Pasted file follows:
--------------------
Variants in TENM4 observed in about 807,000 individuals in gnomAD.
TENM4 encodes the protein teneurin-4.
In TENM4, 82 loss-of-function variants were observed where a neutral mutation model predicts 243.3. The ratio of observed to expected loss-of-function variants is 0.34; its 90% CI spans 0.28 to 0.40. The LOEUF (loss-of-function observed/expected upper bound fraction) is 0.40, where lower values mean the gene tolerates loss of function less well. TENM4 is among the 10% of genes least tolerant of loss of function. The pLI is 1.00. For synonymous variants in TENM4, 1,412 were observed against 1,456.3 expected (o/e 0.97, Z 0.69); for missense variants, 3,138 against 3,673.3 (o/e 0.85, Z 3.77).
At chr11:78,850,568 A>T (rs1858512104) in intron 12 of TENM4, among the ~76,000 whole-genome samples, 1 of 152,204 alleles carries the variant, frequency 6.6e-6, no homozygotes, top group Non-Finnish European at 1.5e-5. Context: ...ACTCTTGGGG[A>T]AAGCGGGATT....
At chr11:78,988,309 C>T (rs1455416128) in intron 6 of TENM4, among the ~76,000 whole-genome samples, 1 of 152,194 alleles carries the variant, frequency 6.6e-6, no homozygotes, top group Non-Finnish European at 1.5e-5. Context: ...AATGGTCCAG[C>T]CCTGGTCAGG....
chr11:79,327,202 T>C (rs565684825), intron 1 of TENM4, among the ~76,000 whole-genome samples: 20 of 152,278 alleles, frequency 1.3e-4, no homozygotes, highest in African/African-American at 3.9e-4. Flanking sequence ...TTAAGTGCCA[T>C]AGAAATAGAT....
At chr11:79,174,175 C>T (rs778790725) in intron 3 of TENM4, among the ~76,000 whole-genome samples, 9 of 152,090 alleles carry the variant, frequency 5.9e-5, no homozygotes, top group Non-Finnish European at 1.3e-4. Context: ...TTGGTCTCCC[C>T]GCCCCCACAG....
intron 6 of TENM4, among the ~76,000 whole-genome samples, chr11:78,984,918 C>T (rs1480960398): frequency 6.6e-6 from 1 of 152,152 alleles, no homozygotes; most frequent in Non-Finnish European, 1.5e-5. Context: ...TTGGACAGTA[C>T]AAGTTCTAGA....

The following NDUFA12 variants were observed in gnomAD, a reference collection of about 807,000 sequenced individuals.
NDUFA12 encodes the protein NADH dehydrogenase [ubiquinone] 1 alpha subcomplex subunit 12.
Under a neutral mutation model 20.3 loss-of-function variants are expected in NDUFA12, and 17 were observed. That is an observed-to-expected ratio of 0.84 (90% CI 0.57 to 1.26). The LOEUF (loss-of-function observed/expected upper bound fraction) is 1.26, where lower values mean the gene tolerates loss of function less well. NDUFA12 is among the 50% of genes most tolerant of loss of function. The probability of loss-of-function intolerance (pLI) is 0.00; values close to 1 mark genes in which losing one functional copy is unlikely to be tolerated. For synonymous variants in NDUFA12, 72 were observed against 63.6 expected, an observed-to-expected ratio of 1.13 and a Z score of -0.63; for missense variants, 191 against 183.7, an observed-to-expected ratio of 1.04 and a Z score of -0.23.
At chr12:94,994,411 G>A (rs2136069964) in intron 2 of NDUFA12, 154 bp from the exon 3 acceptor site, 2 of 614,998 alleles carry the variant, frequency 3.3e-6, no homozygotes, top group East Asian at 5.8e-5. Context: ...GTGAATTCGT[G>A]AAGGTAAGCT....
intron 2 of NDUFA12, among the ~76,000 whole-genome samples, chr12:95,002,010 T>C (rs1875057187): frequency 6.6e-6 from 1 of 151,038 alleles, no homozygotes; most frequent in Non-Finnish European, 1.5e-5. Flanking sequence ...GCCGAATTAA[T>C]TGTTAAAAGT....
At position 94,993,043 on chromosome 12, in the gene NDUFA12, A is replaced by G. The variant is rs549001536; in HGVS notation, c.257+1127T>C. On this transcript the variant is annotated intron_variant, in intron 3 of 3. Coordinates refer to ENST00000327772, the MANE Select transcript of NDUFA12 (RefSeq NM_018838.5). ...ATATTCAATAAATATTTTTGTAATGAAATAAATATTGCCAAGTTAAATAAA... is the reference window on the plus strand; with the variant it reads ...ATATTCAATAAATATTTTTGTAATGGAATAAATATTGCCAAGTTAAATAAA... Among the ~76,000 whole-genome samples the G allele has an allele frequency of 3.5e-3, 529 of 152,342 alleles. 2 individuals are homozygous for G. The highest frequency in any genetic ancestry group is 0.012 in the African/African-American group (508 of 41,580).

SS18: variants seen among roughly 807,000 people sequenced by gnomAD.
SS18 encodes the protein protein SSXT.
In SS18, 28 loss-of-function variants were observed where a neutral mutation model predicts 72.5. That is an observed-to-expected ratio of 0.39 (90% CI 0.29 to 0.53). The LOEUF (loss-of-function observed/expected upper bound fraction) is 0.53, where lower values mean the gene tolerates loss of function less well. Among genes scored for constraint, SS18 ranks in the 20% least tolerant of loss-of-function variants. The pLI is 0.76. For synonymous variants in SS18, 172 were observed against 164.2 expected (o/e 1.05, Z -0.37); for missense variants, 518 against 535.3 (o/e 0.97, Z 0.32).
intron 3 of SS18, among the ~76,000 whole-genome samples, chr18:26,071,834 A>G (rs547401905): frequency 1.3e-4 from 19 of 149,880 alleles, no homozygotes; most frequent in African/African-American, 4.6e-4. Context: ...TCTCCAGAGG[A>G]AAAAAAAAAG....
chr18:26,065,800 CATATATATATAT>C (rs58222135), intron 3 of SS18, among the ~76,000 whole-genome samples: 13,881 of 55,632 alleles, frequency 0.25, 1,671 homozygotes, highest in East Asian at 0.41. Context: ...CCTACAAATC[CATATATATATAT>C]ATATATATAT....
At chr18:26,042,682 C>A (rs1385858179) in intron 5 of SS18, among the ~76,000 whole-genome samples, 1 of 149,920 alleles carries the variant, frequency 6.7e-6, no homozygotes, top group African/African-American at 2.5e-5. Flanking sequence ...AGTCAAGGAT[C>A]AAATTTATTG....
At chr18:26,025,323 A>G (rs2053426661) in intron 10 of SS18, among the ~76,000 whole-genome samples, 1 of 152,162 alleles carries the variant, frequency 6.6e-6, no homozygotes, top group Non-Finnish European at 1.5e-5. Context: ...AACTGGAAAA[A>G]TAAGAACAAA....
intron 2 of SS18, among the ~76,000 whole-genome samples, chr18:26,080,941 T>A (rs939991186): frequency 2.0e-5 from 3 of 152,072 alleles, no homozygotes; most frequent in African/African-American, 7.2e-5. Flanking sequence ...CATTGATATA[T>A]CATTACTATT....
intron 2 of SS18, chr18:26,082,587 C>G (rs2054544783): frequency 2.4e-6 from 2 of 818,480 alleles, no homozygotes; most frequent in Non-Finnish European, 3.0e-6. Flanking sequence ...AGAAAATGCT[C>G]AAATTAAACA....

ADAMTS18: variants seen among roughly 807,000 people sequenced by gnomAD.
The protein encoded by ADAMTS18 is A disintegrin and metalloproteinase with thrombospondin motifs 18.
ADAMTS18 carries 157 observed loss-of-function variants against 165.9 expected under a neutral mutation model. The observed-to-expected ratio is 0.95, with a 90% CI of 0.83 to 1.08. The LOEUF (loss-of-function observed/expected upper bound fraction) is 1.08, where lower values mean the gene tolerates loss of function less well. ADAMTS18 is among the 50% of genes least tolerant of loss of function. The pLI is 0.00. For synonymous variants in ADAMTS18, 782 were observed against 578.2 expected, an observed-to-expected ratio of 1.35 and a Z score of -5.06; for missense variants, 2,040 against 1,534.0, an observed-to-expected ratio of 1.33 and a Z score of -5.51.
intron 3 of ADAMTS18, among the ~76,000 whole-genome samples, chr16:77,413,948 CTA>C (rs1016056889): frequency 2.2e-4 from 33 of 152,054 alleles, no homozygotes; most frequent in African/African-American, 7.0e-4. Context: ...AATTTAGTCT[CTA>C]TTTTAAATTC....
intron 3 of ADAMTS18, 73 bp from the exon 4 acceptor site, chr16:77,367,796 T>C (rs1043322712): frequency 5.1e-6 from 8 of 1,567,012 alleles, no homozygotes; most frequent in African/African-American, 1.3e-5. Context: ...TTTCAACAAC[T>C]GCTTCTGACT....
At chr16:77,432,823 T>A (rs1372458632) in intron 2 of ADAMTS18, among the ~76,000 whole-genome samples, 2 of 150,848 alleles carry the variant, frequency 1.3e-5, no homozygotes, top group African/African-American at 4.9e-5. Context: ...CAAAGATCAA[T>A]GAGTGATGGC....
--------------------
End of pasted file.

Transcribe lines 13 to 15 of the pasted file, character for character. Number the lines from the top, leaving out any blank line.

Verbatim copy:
intron 2 of NDUFA12, among the ~76,000 whole-genome samples, chr12:95,002,010 T>C (rs1875057187): frequency 6.6e-6 from 1 of 151,038 alleles, no homozygotes; most frequent in Non-Finnish European, 1.5e-5. Flanking sequence ...GCCGAATTAA[T>C]TGTTAAAAGT....
At position 94,993,043 on chromosome 12, in the gene NDUFA12, A is replaced by G. The variant is rs549001536; in HGVS notation, c.257+1127T>C. On this transcript the variant is annotated intron_variant, in intron 3 of 3. Coordinates refer to ENST00000327772, the MANE Select transcript of NDUFA12 (RefSeq NM_018838.5). ...ATATTCAATAAATATTTTTGTAATGAAATAAATATTGCCAAGTTAAATAAA... is the reference window on the plus strand; with the variant it reads ...ATATTCAATAAATATTTTTGTAATGGAATAAATATTGCCAAGTTAAATAAA... Among the ~76,000 whole-genome samples the G allele has an allele frequency of 3.5e-3, 529 of 152,342 alleles. 2 individuals are homozygous for G. The highest frequency in any genetic ancestry group is 0.012 in the African/African-American group (508 of 41,580).

SS18: variants seen among roughly 807,000 people sequenced by gnomAD.